by Rachel Felver
November 05, 2018
The Chesapeake Bay watershed has sure seen a lot of rain in 2018. From Pennsylvania having its wettest July and August on record to Maryland dealing with its second-wettest July of all time, the Bay has received an unusually high amount of fresh water so far this year. This summer’s historic rainfall led many to wonder how the extra freshwater would affect the Bay’s dead zone.
A dead zone is an area of little to no dissolved oxygen that forms when nutrient-fueled algae blooms die and decompose. The decomposition process removes oxygen from surrounding waters faster than it can be replenished, and the resulting low-oxygen conditions can suffocate marine life such as blue crabs, oysters and fish.
The Maryland Department of Natural Resources (DNR) and the Virginia Institute of Marine Science (VIMS) monitor the Bay’s dead zone each summer and reported similar dissolved oxygen conditions this year. Overall, they consider the 2018 dead zone to be of average size, but the seasonal patterns varied wildly.
DNR monitoring cruises in the early summer showed an above-average dead zone in the deepest waters of the mainstem of the Bay, most likely attributed to double the amount of rainfall normally received in May that caused higher-than-average springtime river flows into the Bay.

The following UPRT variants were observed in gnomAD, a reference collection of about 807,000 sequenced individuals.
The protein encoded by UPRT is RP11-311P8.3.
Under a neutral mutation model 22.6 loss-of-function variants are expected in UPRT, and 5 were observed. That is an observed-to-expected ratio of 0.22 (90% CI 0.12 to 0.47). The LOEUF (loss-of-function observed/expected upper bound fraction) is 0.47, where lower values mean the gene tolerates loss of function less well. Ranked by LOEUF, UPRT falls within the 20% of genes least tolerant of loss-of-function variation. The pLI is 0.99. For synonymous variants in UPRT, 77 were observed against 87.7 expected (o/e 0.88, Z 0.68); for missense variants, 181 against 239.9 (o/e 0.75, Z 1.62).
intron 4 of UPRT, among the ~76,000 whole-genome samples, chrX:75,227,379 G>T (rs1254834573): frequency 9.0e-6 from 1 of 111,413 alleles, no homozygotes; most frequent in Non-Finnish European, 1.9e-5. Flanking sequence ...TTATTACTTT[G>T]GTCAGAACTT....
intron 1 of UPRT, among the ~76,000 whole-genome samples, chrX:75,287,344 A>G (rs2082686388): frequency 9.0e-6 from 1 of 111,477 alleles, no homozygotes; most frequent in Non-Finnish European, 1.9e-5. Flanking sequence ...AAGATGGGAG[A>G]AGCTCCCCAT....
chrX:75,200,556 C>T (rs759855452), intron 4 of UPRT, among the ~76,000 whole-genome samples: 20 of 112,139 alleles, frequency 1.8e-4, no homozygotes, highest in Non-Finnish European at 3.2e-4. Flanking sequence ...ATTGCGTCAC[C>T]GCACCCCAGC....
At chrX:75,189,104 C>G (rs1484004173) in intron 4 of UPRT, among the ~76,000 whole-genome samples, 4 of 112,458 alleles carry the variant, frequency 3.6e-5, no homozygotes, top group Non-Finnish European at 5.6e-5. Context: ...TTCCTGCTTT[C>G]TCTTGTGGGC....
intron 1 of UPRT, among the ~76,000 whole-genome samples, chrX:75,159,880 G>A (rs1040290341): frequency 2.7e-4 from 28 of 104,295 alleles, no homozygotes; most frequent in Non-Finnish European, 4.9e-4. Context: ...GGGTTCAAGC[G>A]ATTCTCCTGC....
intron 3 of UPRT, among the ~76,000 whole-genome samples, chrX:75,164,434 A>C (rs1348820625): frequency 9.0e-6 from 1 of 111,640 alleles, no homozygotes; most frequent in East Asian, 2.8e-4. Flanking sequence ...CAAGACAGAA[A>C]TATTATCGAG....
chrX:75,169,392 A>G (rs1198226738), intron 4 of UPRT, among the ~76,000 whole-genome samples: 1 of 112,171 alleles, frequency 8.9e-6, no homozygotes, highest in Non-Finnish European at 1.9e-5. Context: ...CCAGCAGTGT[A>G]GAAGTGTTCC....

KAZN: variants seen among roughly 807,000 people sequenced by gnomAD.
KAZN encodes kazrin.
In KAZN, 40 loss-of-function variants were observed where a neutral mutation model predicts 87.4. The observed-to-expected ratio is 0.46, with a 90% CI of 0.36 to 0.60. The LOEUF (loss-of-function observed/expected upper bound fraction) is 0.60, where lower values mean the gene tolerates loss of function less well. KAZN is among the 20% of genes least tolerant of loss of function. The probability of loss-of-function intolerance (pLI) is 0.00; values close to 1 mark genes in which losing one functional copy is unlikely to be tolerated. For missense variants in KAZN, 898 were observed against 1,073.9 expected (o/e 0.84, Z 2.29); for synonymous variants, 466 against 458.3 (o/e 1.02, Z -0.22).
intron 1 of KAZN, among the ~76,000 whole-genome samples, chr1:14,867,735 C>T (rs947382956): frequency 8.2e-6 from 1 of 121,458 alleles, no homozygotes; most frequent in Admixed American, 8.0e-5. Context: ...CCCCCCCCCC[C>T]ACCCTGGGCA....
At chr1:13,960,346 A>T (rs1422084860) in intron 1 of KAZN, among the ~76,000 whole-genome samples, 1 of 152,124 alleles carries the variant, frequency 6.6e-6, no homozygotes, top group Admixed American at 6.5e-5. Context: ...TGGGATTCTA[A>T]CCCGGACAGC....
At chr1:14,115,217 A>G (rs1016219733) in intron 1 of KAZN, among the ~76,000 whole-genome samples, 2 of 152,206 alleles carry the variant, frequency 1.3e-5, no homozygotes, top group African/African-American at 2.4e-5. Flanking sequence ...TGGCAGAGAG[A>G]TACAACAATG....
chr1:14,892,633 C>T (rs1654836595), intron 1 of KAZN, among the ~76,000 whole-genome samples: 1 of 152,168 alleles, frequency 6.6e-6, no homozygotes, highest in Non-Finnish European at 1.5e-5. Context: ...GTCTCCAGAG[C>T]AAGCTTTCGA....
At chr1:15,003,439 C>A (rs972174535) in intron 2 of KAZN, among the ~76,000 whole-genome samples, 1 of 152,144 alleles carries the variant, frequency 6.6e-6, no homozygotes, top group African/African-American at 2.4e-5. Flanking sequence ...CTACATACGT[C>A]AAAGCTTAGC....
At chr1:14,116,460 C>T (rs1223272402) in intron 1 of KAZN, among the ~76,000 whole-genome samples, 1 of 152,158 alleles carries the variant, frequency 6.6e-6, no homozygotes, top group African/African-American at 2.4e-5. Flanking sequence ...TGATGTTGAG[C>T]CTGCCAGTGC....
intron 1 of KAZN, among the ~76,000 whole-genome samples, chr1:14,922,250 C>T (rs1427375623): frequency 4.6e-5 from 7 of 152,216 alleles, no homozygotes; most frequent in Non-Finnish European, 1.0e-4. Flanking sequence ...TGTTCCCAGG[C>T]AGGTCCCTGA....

Wind speed and direction, as well as temperature, also play a large role in the severity of the dead zone. In July, wind effects from strong storms caused an unusual mixing of the Bay’s surface water with the lower-oxygen waters at the bottom, reducing the dead zone to almost zero. However, the dead zone began growing again only two weeks later, and by September it had developed into a near-record size for that time of year.
The mainstem Bay continued to see low-oxygen conditions into October, a situation most likely caused by the increased freshwater from the heavy rainfall. A higher concentration of freshwater into the Bay strengthens stratification, which is when different water masses form layers that act as barriers to the mixing of the air-filled surface waters and the lower-oxygen deeper waters. The increased stratification, prolonged warm weather into the fall months and more nutrients flowing into the Bay from the high river flows were most likely responsible for the lingering dead zone this year.
Experts believe that climate change is also playing a role in the size and duration of the Bay’s dead zone. Late spring is now behaving like early summer, causing low-oxygen conditions to begin earlier and last longer. Warmer waters hold less oxygen, which can make dead zones easier to form.
The fluctuations in the size of the dead zone this year show us two things: in the long-term, the dead zone has been decreasing, meaning that the pollution reduction strategies put into place by the Chesapeake Bay Program and its partners are working; but in the short-term, weather events such as prolonged warm weather and heavy rainfall can drastically cause dissolved oxygen levels to vary.